Sharp decline seen in holiday shoppers
Retail group says 2008 should be the weakest year since it began tracking activity.
NEW YORK (CNNMoney.com) -- The volume of shoppers is expected to decline sharply during the 2008 holidays due to such factors as the financial market meltdown and a shorter season, according to a retail industry survey released Wednesday.
ShopperTrak RCT, a retail research firm, predicted store traffic would decrease 9.9% from last year. It said overall retail sales would rise just 0.1%.
Both figures are the lowest since the company began compiling the data in 2001.
"Due to numerous factors that retailers can't control, 2008 has been a challenging year and it seems this pattern will continue throughout the crucial holiday shopping season," said Bill Martin, ShopperTrak's co-founder..
The gloomy predictions are a result of a "perfect storm" in late 2008, as the financial market weakened, the presidential election slowed shopping, and the after-effect of the summer surge in gas prices kept people from driving to the stores.
ShopperTrak said it has reported a pattern of slowed consumer shopping in the weeks before and after each Congressional or presidential election since 2002.
In the 2007 holiday season, retail sales increased 2.5% while total traffic fell 2.7% from the previous year.
The 2008 calendar shifts to a shortened shopping period between Thanksgiving and Christmas, eliminating one shopping weekend. The 2007 holiday shopping season was the longest possible, at 32 days.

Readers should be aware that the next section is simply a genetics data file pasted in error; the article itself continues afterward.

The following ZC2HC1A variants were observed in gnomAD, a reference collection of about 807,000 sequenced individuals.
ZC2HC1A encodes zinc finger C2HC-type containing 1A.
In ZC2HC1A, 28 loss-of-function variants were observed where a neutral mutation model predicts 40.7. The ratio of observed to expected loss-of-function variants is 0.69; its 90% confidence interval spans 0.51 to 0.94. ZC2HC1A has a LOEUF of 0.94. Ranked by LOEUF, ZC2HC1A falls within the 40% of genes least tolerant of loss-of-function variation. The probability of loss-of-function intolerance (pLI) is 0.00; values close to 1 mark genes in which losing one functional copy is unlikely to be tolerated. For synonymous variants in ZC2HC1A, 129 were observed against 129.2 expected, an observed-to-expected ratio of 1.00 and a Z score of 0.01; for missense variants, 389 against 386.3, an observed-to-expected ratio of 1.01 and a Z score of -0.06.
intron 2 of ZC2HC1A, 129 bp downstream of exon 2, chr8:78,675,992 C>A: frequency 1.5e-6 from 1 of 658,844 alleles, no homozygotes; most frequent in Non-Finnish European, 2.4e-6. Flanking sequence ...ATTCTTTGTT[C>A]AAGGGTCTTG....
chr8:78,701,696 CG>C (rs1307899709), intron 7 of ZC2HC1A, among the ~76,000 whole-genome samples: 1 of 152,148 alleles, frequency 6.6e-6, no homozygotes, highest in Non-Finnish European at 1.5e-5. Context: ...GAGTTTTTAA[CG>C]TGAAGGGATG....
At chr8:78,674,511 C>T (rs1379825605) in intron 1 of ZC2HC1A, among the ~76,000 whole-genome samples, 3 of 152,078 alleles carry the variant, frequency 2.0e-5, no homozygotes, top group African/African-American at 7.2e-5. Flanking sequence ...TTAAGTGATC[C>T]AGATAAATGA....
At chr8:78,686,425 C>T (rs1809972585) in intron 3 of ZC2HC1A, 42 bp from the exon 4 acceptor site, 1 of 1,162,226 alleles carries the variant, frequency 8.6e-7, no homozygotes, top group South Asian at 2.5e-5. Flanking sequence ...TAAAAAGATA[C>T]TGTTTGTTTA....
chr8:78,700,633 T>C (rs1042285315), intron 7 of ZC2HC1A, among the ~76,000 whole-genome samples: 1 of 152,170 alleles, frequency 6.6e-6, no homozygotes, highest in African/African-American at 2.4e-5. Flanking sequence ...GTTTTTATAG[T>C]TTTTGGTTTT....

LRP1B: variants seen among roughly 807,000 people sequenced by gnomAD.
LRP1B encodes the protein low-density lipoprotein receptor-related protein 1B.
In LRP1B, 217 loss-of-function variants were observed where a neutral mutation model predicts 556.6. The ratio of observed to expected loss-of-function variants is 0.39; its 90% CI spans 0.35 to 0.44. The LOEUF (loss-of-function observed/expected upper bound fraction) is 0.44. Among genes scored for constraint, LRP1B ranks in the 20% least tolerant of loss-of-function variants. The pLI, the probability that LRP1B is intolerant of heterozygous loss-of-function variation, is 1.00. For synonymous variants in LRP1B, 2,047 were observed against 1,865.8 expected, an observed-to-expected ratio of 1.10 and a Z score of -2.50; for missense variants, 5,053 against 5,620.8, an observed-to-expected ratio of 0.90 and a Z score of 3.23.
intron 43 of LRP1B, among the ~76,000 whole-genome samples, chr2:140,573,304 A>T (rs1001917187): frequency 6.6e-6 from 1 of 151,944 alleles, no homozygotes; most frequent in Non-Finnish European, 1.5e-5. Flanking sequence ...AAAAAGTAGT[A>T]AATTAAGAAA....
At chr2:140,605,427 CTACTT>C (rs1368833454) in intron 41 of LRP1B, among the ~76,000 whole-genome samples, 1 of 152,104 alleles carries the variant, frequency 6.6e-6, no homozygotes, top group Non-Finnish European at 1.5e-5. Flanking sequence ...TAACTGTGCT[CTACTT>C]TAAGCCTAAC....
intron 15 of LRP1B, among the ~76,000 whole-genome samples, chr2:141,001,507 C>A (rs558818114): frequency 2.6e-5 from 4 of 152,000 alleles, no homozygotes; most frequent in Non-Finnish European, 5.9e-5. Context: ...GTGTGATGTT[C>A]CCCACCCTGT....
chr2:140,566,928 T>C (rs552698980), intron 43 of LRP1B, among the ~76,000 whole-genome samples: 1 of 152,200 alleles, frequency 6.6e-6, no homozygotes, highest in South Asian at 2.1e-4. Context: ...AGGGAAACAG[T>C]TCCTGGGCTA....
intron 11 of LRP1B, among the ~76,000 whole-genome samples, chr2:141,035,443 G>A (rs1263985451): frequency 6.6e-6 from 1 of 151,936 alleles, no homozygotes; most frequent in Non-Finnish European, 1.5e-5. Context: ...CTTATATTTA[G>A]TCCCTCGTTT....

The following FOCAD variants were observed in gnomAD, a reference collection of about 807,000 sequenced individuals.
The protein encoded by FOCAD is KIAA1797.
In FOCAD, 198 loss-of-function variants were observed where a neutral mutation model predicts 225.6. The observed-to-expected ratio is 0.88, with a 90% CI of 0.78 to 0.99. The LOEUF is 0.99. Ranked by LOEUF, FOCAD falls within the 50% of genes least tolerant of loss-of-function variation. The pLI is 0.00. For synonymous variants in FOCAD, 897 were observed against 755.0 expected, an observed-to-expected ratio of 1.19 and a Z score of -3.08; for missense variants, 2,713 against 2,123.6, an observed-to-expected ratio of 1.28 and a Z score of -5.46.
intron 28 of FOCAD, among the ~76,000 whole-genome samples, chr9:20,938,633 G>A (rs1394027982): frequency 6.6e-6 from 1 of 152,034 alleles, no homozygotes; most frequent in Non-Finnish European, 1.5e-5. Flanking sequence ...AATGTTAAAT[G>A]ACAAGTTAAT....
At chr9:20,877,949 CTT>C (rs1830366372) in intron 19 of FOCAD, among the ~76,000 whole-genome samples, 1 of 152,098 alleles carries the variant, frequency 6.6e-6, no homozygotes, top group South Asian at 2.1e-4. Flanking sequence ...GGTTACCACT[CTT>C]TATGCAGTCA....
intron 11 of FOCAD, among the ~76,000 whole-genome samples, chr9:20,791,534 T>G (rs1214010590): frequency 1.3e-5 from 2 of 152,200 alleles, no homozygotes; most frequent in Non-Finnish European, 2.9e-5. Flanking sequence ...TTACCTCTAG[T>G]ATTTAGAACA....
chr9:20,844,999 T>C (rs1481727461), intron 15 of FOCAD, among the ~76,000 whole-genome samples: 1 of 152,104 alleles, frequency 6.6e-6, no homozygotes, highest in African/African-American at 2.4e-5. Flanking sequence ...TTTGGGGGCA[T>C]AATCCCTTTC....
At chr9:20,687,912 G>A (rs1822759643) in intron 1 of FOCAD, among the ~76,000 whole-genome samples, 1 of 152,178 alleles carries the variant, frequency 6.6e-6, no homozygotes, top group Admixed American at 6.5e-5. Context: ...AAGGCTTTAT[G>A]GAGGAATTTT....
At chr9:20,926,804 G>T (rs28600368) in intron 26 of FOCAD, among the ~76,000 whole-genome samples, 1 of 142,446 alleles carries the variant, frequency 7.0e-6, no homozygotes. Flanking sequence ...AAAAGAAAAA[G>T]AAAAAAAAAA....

"This means retailers should see some strength earlier in the season on Black Friday due to pent up demand, but also means procrastinators may be caught by surprise late in (the) year," Martin said in a statement.
ShopperTrak said this year closely resembles 2002, which also had a shortened 27-day holiday shopping period, a weak economy and a Congressional election.
According to ShopperTrak, in 2002 enclosed mall traffic averaged a 2.8% year-over-year decline each week in the month before the election, and in the weeks after the election that figure jumped to 3.9% through the holiday shopping season.
The top ten traffic days will account for almost 35-38% of all traffic during the holiday season, according to ShopperTrak. The top three dates are: Nov. 28, which is the Friday after Thanksgiving; Dec. 20, the Saturday before Christmas; and Dec. 26, the day after Christmas.